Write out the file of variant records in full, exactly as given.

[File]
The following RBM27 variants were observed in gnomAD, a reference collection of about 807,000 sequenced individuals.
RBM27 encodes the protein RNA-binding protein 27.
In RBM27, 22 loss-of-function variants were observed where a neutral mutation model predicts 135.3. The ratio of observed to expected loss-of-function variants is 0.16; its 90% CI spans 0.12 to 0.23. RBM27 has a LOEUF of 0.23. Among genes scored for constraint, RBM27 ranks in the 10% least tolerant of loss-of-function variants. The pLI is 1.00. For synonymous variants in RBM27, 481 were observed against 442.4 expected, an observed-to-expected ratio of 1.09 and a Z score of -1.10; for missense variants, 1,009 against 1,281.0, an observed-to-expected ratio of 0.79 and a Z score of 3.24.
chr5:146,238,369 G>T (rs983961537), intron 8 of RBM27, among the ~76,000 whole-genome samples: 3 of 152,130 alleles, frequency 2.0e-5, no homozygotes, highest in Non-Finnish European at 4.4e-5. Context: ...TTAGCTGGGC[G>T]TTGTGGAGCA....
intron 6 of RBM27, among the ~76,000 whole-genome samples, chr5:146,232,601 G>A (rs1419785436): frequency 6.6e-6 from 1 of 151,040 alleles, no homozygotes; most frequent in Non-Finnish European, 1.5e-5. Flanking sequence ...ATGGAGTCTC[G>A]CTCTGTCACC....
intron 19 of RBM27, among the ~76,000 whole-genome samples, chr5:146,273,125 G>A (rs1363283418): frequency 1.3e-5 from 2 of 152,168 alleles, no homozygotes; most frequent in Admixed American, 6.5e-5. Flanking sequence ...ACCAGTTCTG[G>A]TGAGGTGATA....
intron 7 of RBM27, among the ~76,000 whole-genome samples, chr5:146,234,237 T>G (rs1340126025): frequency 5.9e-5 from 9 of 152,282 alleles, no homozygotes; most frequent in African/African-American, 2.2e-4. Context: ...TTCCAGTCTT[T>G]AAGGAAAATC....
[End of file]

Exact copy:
The following RBM27 variants were observed in gnomAD, a reference collection of about 807,000 sequenced individuals.
RBM27 encodes the protein RNA-binding protein 27.
In RBM27, 22 loss-of-function variants were observed where a neutral mutation model predicts 135.3. The ratio of observed to expected loss-of-function variants is 0.16; its 90% CI spans 0.12 to 0.23. RBM27 has a LOEUF of 0.23. Among genes scored for constraint, RBM27 ranks in the 10% least tolerant of loss-of-function variants. The pLI is 1.00. For synonymous variants in RBM27, 481 were observed against 442.4 expected, an observed-to-expected ratio of 1.09 and a Z score of -1.10; for missense variants, 1,009 against 1,281.0, an observed-to-expected ratio of 0.79 and a Z score of 3.24.
chr5:146,238,369 G>T (rs983961537), intron 8 of RBM27, among the ~76,000 whole-genome samples: 3 of 152,130 alleles, frequency 2.0e-5, no homozygotes, highest in Non-Finnish European at 4.4e-5. Context: ...TTAGCTGGGC[G>T]TTGTGGAGCA....
intron 6 of RBM27, among the ~76,000 whole-genome samples, chr5:146,232,601 G>A (rs1419785436): frequency 6.6e-6 from 1 of 151,040 alleles, no homozygotes; most frequent in Non-Finnish European, 1.5e-5. Flanking sequence ...ATGGAGTCTC[G>A]CTCTGTCACC....
intron 19 of RBM27, among the ~76,000 whole-genome samples, chr5:146,273,125 G>A (rs1363283418): frequency 1.3e-5 from 2 of 152,168 alleles, no homozygotes; most frequent in Admixed American, 6.5e-5. Flanking sequence ...ACCAGTTCTG[G>A]TGAGGTGATA....
intron 7 of RBM27, among the ~76,000 whole-genome samples, chr5:146,234,237 T>G (rs1340126025): frequency 5.9e-5 from 9 of 152,282 alleles, no homozygotes; most frequent in African/African-American, 2.2e-4. Context: ...TTCCAGTCTT[T>G]AAGGAAAATC....